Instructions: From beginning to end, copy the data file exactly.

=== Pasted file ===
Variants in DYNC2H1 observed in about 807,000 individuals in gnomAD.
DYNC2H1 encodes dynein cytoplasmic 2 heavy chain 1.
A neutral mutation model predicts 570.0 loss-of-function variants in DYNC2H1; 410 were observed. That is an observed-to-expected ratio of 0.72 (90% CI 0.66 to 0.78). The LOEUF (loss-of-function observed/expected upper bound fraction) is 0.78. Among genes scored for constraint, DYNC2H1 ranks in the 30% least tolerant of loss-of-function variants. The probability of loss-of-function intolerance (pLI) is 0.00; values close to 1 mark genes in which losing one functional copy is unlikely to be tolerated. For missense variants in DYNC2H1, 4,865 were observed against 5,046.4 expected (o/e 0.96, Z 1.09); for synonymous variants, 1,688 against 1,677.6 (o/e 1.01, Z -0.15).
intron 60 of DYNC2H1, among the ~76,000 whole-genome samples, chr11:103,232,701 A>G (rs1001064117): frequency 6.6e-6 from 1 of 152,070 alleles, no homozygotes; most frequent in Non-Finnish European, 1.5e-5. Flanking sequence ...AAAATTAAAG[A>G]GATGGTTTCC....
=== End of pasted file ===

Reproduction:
Variants in DYNC2H1 observed in about 807,000 individuals in gnomAD.
DYNC2H1 encodes dynein cytoplasmic 2 heavy chain 1.
A neutral mutation model predicts 570.0 loss-of-function variants in DYNC2H1; 410 were observed. That is an observed-to-expected ratio of 0.72 (90% CI 0.66 to 0.78). The LOEUF (loss-of-function observed/expected upper bound fraction) is 0.78. Among genes scored for constraint, DYNC2H1 ranks in the 30% least tolerant of loss-of-function variants. The probability of loss-of-function intolerance (pLI) is 0.00; values close to 1 mark genes in which losing one functional copy is unlikely to be tolerated. For missense variants in DYNC2H1, 4,865 were observed against 5,046.4 expected (o/e 0.96, Z 1.09); for synonymous variants, 1,688 against 1,677.6 (o/e 1.01, Z -0.15).
intron 60 of DYNC2H1, among the ~76,000 whole-genome samples, chr11:103,232,701 A>G (rs1001064117): frequency 6.6e-6 from 1 of 152,070 alleles, no homozygotes; most frequent in Non-Finnish European, 1.5e-5. Flanking sequence ...AAAATTAAAG[A>G]GATGGTTTCC....